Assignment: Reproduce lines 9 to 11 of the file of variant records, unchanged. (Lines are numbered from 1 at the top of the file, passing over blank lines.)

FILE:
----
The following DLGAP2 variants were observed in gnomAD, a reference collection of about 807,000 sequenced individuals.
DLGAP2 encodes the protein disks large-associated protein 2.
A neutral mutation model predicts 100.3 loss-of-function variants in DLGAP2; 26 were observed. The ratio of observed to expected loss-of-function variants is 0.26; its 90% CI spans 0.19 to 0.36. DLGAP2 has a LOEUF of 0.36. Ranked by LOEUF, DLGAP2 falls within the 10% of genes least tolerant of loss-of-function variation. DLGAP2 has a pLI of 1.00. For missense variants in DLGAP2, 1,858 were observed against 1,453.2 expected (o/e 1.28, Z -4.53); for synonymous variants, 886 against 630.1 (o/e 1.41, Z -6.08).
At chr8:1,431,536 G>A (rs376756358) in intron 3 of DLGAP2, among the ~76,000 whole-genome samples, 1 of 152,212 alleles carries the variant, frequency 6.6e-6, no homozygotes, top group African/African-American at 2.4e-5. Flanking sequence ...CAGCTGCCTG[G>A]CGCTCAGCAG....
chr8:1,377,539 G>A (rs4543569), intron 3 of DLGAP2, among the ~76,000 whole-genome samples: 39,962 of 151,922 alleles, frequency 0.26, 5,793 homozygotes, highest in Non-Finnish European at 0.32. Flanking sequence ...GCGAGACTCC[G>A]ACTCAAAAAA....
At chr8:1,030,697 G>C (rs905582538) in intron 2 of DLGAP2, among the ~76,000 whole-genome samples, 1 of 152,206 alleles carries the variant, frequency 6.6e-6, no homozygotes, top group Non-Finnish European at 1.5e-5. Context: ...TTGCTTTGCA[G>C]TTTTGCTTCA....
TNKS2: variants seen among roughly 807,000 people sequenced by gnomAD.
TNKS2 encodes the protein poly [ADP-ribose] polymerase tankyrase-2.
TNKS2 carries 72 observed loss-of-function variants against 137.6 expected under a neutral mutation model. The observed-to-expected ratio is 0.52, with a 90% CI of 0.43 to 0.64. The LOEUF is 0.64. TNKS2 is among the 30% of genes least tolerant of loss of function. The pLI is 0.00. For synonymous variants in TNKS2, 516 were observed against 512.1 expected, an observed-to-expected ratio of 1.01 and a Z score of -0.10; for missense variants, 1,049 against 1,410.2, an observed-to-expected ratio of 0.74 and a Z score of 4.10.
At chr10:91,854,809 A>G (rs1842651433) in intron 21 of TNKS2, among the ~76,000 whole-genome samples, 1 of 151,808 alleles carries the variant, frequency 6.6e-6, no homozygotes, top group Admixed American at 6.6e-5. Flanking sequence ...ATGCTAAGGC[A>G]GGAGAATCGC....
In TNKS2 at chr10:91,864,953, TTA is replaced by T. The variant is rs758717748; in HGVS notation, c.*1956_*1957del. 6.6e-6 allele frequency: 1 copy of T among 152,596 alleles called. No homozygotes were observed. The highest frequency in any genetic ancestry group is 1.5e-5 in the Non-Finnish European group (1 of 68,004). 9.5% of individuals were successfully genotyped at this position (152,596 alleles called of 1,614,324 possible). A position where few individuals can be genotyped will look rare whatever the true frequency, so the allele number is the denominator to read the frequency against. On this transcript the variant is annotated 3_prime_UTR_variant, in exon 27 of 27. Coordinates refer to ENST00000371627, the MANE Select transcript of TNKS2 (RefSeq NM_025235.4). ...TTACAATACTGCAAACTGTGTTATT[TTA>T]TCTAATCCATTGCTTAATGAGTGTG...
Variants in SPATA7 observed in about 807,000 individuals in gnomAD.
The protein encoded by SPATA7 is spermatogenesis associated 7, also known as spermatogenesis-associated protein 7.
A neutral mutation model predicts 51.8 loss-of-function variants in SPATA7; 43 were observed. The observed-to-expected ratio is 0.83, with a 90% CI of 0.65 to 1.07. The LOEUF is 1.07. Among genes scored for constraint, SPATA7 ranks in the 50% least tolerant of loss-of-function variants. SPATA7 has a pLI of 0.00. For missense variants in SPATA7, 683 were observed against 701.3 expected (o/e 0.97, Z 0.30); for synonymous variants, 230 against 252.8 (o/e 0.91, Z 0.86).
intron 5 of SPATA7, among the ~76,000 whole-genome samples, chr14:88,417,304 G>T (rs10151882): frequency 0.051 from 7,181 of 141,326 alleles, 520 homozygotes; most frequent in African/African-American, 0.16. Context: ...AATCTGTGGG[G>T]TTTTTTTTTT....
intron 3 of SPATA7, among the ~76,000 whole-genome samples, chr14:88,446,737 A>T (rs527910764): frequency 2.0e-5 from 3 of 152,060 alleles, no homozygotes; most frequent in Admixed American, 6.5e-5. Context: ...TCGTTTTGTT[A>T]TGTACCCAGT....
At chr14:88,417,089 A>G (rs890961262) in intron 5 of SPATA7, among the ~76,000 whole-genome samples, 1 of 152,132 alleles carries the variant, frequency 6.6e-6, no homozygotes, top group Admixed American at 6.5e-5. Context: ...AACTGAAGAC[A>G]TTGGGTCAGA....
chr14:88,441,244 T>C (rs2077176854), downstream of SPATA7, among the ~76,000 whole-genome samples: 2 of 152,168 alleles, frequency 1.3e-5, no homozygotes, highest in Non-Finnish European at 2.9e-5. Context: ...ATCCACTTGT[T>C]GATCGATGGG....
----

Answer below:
TNKS2 carries 72 observed loss-of-function variants against 137.6 expected under a neutral mutation model. The observed-to-expected ratio is 0.52, with a 90% CI of 0.43 to 0.64. The LOEUF is 0.64. TNKS2 is among the 30% of genes least tolerant of loss of function. The pLI is 0.00. For synonymous variants in TNKS2, 516 were observed against 512.1 expected, an observed-to-expected ratio of 1.01 and a Z score of -0.10; for missense variants, 1,049 against 1,410.2, an observed-to-expected ratio of 0.74 and a Z score of 4.10.
At chr10:91,854,809 A>G (rs1842651433) in intron 21 of TNKS2, among the ~76,000 whole-genome samples, 1 of 151,808 alleles carries the variant, frequency 6.6e-6, no homozygotes, top group Admixed American at 6.6e-5. Flanking sequence ...ATGCTAAGGC[A>G]GGAGAATCGC....
In TNKS2 at chr10:91,864,953, TTA is replaced by T. The variant is rs758717748; in HGVS notation, c.*1956_*1957del. 6.6e-6 allele frequency: 1 copy of T among 152,596 alleles called. No homozygotes were observed. The highest frequency in any genetic ancestry group is 1.5e-5 in the Non-Finnish European group (1 of 68,004). 9.5% of individuals were successfully genotyped at this position (152,596 alleles called of 1,614,324 possible). A position where few individuals can be genotyped will look rare whatever the true frequency, so the allele number is the denominator to read the frequency against. On this transcript the variant is annotated 3_prime_UTR_variant, in exon 27 of 27. Coordinates refer to ENST00000371627, the MANE Select transcript of TNKS2 (RefSeq NM_025235.4). ...TTACAATACTGCAAACTGTGTTATT[TTA>T]TCTAATCCATTGCTTAATGAGTGTG...